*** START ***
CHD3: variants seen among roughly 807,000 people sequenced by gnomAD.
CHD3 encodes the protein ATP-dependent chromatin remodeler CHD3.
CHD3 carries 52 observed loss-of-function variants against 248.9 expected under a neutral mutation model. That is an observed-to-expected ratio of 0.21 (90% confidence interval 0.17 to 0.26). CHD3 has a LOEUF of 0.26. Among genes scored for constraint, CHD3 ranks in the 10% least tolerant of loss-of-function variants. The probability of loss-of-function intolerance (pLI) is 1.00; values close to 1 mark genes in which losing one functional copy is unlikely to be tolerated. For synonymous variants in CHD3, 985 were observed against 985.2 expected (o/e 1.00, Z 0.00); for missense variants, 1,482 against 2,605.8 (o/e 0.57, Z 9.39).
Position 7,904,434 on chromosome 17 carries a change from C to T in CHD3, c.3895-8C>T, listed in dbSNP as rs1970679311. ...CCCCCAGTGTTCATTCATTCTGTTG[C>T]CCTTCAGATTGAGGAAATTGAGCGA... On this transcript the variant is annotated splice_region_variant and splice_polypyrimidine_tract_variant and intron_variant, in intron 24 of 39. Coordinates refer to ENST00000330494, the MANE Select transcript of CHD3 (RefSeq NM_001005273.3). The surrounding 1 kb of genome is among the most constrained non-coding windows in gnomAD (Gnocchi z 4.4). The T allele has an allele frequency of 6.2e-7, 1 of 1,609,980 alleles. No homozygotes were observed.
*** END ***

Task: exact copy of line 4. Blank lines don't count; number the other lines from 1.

Position 7,904,434 on chromosome 17 carries a change from C to T in CHD3, c.3895-8C>T, listed in dbSNP as rs1970679311. ...CCCCCAGTGTTCATTCATTCTGTTG[C>T]CCTTCAGATTGAGGAAATTGAGCGA... On this transcript the variant is annotated splice_region_variant and splice_polypyrimidine_tract_variant and intron_variant, in intron 24 of 39. Coordinates refer to ENST00000330494, the MANE Select transcript of CHD3 (RefSeq NM_001005273.3). The surrounding 1 kb of genome is among the most constrained non-coding windows in gnomAD (Gnocchi z 4.4). The T allele has an allele frequency of 6.2e-7, 1 of 1,609,980 alleles. No homozygotes were observed.